Perfusion CT Imaging Follows Clinical Severity in Left Hemispheric Strokes.
ABSTRACT The purpose of this study was to assess how imaging findings on admission perfusion CT (PCT) and follow-up noncontrast CT (NCT), and their changes over time, correlate with clinical scores of stroke severity measured on admission, at discharge and at 6-month follow-up.
Fifty-two patients with suspected hemispheric acute ischemic stroke underwent a PCT within the first 24 h of symptom onset and a follow-up NCT of the brain between 24 h and 3 months after the initial stroke CT study. NIH Stroke Scale (NIHSS) scores were recorded for each patient at admission, discharge and 6 months; modified Rankin scores were determined at discharge and 6 months. Baseline PCT and follow-up NCT were analyzed quantitatively (volume of ischemic/infarcted tissue) and semiquantitatively (anatomical grading score derived from the Alberta Stroke Program Early CT Score). The correlation between imaging volumes/scores and clinical scores was assessed. Analysis was performed for all patients considered together and separately for those with right and left hemispheric strokes.
Significant correlations were found between clinical scores and both quantitative and semiquantitative imaging. The volume of the acute PCT mean transit time lesion showed best correlation with admission NIHSS scores (R2 = 0.61, p < 0.001). This association was significantly better for left hemispheric strokes (R(2) = 0.80, p < 0.001) than for right hemispheric strokes (R2 = 0.39, p = 0.131). Correlation between imaging and NIHSS scores was better than correlation between imaging and modified Rankin scores (p = 0.047). The correlation with discharge clinical scores was better than that with 6-month clinical scores (p = 0.012).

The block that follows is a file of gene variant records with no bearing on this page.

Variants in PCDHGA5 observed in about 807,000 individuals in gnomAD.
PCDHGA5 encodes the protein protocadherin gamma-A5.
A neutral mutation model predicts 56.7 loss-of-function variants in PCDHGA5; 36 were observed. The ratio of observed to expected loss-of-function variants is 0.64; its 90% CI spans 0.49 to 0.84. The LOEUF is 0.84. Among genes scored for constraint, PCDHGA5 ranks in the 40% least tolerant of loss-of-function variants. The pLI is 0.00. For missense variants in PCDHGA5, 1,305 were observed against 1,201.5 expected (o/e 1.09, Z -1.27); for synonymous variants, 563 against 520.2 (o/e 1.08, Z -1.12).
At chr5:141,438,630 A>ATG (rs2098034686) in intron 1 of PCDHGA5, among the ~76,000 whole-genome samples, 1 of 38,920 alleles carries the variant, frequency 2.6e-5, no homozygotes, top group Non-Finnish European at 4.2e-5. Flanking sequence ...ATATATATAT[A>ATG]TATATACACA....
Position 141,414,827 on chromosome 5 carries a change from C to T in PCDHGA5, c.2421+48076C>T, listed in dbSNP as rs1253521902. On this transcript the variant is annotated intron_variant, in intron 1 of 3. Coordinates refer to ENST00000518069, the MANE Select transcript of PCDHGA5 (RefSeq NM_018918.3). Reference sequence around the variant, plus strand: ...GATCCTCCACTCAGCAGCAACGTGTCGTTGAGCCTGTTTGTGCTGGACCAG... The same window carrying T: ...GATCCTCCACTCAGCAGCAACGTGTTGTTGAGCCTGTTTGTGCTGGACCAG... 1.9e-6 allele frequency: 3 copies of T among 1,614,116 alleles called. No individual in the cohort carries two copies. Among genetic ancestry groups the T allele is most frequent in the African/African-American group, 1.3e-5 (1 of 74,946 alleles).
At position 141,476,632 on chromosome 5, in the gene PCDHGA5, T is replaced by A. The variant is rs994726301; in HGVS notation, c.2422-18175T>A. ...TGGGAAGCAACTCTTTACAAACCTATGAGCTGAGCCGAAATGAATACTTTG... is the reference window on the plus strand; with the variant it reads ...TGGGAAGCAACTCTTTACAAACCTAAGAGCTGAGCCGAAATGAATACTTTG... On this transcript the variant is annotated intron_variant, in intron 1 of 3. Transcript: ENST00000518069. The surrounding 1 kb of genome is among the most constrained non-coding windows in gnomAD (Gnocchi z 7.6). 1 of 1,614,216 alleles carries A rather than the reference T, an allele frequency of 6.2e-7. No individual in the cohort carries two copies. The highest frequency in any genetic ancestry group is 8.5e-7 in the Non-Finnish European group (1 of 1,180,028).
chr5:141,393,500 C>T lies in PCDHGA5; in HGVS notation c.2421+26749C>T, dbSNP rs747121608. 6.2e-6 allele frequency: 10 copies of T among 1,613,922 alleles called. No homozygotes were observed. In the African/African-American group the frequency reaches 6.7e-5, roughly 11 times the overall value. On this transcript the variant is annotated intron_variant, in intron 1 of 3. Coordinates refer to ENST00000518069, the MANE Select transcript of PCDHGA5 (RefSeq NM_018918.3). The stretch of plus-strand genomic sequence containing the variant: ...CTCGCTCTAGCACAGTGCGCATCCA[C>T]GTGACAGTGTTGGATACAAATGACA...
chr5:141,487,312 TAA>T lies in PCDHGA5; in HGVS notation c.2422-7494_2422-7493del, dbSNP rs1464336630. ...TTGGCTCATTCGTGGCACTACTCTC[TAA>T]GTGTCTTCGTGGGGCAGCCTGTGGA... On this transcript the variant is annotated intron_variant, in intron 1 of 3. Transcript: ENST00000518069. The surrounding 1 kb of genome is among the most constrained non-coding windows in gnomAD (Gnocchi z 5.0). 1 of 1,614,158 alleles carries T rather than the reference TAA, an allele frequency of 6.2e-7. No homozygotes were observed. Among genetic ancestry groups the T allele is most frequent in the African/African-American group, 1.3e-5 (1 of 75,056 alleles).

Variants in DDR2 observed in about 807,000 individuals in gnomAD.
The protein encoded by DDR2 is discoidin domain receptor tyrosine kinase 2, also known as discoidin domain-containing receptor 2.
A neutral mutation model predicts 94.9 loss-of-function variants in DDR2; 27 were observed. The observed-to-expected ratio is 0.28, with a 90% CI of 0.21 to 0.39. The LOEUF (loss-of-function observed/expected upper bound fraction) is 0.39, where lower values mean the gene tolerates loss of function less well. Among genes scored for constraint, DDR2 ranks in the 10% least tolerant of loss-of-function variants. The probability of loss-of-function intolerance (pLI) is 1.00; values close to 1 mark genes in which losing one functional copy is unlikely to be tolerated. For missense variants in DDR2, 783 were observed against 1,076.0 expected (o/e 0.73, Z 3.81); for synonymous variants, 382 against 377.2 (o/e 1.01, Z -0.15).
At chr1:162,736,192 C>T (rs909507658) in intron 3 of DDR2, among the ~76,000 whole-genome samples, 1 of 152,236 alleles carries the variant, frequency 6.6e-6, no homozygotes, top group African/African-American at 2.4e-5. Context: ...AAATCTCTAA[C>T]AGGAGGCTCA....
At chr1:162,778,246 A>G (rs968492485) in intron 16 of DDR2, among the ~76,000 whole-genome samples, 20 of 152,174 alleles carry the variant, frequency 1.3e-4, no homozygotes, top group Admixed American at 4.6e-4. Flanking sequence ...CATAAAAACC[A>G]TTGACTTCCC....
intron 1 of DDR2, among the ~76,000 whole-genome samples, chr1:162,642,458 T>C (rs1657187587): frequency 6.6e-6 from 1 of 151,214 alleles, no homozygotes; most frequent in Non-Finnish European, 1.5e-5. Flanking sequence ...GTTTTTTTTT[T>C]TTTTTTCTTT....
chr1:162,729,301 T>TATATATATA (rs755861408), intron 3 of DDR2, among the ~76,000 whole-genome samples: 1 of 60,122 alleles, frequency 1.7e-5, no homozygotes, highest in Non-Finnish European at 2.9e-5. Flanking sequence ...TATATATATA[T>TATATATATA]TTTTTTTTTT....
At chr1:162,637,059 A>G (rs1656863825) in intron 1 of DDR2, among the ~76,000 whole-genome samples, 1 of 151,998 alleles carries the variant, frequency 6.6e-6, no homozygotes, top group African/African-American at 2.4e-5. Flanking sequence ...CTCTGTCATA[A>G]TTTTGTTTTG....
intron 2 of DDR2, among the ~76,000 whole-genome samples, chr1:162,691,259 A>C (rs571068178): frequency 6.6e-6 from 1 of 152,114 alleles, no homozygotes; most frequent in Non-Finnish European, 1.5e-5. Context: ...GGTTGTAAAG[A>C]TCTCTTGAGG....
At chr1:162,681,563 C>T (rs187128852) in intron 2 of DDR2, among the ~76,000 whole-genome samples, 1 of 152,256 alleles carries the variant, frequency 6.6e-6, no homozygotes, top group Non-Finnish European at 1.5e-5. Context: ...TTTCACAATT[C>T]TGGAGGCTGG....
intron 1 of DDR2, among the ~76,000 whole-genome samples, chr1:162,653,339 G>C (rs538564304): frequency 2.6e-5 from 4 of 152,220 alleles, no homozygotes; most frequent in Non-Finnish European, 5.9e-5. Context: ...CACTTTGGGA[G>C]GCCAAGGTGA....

Baseline PCT and follow-up NCT volumes predict stroke severity at baseline, discharge and, to a lesser extent, 6 months. The correlation is stronger for left-sided infarctions. This finding supports the use of PCT as a surrogate stroke outcome measure.
- SourceAvailable from: Jochen B FiebachStroke 07/2013; · 6.02 Impact Factor
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ABSTRACT: BACKGROUND: Pre-intervention perfusion imaging is increasingly becoming part of stroke triage. Small studies supporting imaging based patient selection have been published. The goal of this larger study was to determine if perfusion imaging could impact on functional outcomes in patients undergoing stroke interventions. METHODS: All patients who had undergone endovascular therapy for anterior circulation strokes over a 7 year period were retrospectively analyzed. The pre-intervention perfusion imaging was assessed for size of cerebral blood volume (CBV), cerebral blood flow and mean transit time (MTT) abnormalities. A perfusion mismatch for irreversible versus reversible ischemia was based on CBV and MTT. Clinical outcome and mortality were based on the 90 day modified Rankin Scale. An analysis of the pre-intervention perfusion parameters was then performed to determine any impact on functional outcomes. RESULTS: 110 patients underwent endovascular therapy for anterior circulation strokes. A younger age and lower National Institutes of Health Stroke Scale score were important clinical predictors of favorable outcome (modified Rankin Scale ≤2). The extent of the CBV abnormality and percentage of CBV/MTT mismatch were the strongest imaging predictors of outcome and mortality. A CBV area of 229.5 mm(2) (±290) was seen for favorable outcomes versus 968 mm(2) (±1173) for poor outcomes (p<0.0001). A CBV/MTT mismatch of 91% (±10.7) was seen for favorable outcomes versus 72.5% (±31.6) for poor outcomes (p=0.0001). The CBV area was 273 mm(2) (±392) in patients without mortality versus 1401.1 mm(2) (±1310) in patients with mortality (p<0.0001). Patients who survived had a mean CBV/MTT mismatch of 90.2% (±12.5) versus 61.1% (±35.2) for those who did not (p<0.0001). A CBV lesion approximately greater than one-third of the middle cerebral artery distribution predicted a poor outcome and mortality. CONCLUSION: The extent of pre-intervention CBV abnormality is a strong predictor of functional outcomes following endovascular stroke therapy. This information can aid in patient selection and improve procedure efficacy.Journal of Neurointerventional Surgery 03/2012; · 2.50 Impact Factor
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ABSTRACT: The ASTRAL score was recently shown to reliably predict three-month functional outcome in patients with acute ischemic stroke.International Journal of Stroke 06/2014; · 4.03 Impact Factor